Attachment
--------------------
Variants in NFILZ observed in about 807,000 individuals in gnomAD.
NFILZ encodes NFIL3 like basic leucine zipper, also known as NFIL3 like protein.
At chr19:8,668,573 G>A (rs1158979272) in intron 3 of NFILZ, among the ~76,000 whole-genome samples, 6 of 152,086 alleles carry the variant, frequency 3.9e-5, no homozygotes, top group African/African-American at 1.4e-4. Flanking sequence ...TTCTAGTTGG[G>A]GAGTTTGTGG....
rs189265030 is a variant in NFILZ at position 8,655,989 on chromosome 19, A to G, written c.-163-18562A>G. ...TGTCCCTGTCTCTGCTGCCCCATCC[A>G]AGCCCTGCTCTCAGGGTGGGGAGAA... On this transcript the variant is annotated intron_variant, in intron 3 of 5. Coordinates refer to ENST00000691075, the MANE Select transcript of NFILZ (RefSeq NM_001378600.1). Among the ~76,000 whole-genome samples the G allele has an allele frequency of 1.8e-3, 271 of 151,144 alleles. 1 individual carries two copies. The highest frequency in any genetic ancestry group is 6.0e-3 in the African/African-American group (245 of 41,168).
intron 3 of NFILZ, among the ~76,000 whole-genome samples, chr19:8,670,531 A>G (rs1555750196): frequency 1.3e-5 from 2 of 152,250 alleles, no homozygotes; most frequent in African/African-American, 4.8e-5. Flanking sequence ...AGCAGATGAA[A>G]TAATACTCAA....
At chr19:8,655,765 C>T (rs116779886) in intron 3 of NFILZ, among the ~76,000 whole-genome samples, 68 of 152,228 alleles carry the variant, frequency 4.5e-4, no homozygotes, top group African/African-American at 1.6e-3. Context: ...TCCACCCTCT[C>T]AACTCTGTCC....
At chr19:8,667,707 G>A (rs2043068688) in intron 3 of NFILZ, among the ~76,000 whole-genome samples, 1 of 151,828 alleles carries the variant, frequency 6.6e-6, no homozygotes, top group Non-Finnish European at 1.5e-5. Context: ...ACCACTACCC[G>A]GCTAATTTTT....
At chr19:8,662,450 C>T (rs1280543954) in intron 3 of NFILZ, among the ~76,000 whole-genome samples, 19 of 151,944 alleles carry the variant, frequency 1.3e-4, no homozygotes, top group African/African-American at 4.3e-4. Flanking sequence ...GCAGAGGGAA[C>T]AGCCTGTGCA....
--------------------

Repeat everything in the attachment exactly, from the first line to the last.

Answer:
Variants in NFILZ observed in about 807,000 individuals in gnomAD.
NFILZ encodes NFIL3 like basic leucine zipper, also known as NFIL3 like protein.
At chr19:8,668,573 G>A (rs1158979272) in intron 3 of NFILZ, among the ~76,000 whole-genome samples, 6 of 152,086 alleles carry the variant, frequency 3.9e-5, no homozygotes, top group African/African-American at 1.4e-4. Flanking sequence ...TTCTAGTTGG[G>A]GAGTTTGTGG....
rs189265030 is a variant in NFILZ at position 8,655,989 on chromosome 19, A to G, written c.-163-18562A>G. ...TGTCCCTGTCTCTGCTGCCCCATCC[A>G]AGCCCTGCTCTCAGGGTGGGGAGAA... On this transcript the variant is annotated intron_variant, in intron 3 of 5. Coordinates refer to ENST00000691075, the MANE Select transcript of NFILZ (RefSeq NM_001378600.1). Among the ~76,000 whole-genome samples the G allele has an allele frequency of 1.8e-3, 271 of 151,144 alleles. 1 individual carries two copies. The highest frequency in any genetic ancestry group is 6.0e-3 in the African/African-American group (245 of 41,168).
intron 3 of NFILZ, among the ~76,000 whole-genome samples, chr19:8,670,531 A>G (rs1555750196): frequency 1.3e-5 from 2 of 152,250 alleles, no homozygotes; most frequent in African/African-American, 4.8e-5. Flanking sequence ...AGCAGATGAA[A>G]TAATACTCAA....
At chr19:8,655,765 C>T (rs116779886) in intron 3 of NFILZ, among the ~76,000 whole-genome samples, 68 of 152,228 alleles carry the variant, frequency 4.5e-4, no homozygotes, top group African/African-American at 1.6e-3. Context: ...TCCACCCTCT[C>T]AACTCTGTCC....
At chr19:8,667,707 G>A (rs2043068688) in intron 3 of NFILZ, among the ~76,000 whole-genome samples, 1 of 151,828 alleles carries the variant, frequency 6.6e-6, no homozygotes, top group Non-Finnish European at 1.5e-5. Context: ...ACCACTACCC[G>A]GCTAATTTTT....
At chr19:8,662,450 C>T (rs1280543954) in intron 3 of NFILZ, among the ~76,000 whole-genome samples, 19 of 151,944 alleles carry the variant, frequency 1.3e-4, no homozygotes, top group African/African-American at 4.3e-4. Flanking sequence ...GCAGAGGGAA[C>T]AGCCTGTGCA....